Back in 1985, Ray Gray was in the prime of his life.
An active and sporty 22-year-old, he loved nothing more than to hit Sydney’s beaches for a swim and a surf.
Then he was injured on the job while he was working as a storeman and packer.
A hernia in his groin needed surgery – but doctors reassured him they would patch him up with a revolutionary new procedure.
“They said we’re going to put this mesh in, it’s going to fix the hole up no worries, it’s a new technique,” Mr Gray said.
“I have still got the surgeon’s letter saying I was one of the first in Australia to have this done.”
But the surgery was unsuccessful and the hernia opened up again.
Over the next 17 years, Mr Gray would go on to have another seven hernia mesh operations.
“The doctors would just say another hernia has opened up and we have to go in again,” he said.
“None of the operations were successful. I still have a hernia; it’s quite large at the moment. I can only walk about 20-30 metres and then I need to sit down I get so sore.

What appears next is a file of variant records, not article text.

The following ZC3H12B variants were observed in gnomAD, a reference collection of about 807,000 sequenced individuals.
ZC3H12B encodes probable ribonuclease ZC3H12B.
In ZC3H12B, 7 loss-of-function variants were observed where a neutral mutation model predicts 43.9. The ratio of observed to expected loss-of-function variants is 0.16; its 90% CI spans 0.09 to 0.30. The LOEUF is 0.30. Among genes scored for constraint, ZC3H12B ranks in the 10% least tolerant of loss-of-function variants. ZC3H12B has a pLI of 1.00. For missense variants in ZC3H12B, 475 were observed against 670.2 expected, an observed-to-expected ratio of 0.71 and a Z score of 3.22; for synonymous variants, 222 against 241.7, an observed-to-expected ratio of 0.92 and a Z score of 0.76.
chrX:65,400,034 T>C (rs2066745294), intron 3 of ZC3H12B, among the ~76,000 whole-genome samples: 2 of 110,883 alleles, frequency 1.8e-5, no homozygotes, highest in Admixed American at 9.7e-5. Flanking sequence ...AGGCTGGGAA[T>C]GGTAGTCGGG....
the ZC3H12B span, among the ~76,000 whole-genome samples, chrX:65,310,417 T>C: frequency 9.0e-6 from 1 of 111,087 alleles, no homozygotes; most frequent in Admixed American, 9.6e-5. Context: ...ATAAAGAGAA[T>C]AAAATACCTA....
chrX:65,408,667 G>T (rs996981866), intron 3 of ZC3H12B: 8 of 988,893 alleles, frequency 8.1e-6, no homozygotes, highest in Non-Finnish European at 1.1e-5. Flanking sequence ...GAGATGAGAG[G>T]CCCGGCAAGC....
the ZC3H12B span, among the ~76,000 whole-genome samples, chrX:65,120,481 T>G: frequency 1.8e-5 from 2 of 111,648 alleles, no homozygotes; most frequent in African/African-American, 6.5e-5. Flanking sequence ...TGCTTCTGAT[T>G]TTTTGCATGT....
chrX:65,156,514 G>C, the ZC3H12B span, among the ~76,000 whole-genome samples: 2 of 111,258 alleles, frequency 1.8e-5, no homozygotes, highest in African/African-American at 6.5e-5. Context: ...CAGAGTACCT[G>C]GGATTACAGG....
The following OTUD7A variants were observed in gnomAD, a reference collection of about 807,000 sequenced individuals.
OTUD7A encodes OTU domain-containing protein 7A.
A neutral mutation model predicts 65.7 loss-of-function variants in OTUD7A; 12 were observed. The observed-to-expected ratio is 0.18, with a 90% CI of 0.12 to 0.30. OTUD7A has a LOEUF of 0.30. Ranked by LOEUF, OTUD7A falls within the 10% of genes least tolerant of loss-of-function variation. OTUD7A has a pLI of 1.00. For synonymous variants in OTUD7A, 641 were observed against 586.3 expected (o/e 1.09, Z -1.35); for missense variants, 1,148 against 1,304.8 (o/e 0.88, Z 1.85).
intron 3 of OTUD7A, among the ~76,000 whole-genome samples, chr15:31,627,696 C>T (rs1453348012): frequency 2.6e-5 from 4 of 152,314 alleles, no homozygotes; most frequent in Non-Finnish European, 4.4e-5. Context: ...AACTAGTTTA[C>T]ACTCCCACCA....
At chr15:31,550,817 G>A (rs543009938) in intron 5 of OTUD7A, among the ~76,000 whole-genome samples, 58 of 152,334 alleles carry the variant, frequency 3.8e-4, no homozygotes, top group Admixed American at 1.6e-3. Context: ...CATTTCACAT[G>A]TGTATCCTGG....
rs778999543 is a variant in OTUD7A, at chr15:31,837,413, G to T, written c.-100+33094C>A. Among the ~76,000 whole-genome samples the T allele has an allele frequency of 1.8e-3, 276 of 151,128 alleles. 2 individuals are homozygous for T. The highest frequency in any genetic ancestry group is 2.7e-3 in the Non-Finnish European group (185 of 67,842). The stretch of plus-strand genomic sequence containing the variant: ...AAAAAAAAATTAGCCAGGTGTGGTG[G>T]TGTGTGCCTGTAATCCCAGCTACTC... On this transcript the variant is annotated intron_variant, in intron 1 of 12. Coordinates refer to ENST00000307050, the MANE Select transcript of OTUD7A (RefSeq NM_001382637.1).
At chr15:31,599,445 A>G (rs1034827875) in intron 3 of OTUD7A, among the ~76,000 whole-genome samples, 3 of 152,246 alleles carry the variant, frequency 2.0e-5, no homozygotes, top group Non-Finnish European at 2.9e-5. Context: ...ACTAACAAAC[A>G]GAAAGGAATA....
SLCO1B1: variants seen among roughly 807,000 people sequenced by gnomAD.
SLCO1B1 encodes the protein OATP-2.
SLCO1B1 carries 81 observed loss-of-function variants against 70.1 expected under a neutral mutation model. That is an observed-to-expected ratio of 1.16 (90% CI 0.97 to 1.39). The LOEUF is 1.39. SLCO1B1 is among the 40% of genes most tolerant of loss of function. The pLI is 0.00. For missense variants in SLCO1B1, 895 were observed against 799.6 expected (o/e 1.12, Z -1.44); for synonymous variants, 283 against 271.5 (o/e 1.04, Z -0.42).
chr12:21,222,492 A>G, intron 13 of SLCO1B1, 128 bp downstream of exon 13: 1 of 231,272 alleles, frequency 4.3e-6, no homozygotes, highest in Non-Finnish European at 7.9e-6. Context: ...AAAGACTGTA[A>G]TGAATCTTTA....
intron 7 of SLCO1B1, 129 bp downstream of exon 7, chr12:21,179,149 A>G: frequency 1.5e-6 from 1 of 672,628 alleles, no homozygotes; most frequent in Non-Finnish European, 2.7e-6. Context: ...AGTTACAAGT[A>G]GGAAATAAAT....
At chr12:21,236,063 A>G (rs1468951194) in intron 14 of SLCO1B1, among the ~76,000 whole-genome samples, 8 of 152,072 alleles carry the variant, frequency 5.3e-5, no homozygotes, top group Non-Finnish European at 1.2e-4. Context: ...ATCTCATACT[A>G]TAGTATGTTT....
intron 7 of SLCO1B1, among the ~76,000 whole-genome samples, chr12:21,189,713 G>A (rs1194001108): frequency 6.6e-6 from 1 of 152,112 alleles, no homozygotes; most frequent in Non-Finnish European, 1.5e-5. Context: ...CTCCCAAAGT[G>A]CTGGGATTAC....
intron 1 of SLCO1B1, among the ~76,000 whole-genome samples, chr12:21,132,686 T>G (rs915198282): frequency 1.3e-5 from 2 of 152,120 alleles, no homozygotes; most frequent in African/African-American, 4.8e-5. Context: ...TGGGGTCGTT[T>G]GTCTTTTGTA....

“All my mesh pieces are still in me and I have got 32 titanium staples in my hip.”
Mr Gray said he always suspected the mesh was behind the constant pain he had been living with ever since his first operation.
“I just felt like something wasn’t right as soon as they put the mesh in. There was this burning pain and it’s still there,” he said.
“When I walk I can feel something scrape like sandpaper on my bowel and I am pretty sure that is mesh.”
Now 58, Mr Gray has been unable to work for 17 years and is on the disability support pension.
“I would say I’ve lost about 75 percent of my life. I’m in constant pain, 24/7. I can’t stand upright. When it’s really bad I’m in bed for days,” he said.
‘We’ve been forgotten’
Mr Gray is among a growing number of men and women who say their hernia mesh plight has been ignored as the focus continues on the horrific side effects some women have experienced with pelvic mesh implants.
“I don’t think there is an awareness out there that hernia mesh can create the same complications as pelvic mesh,” he said.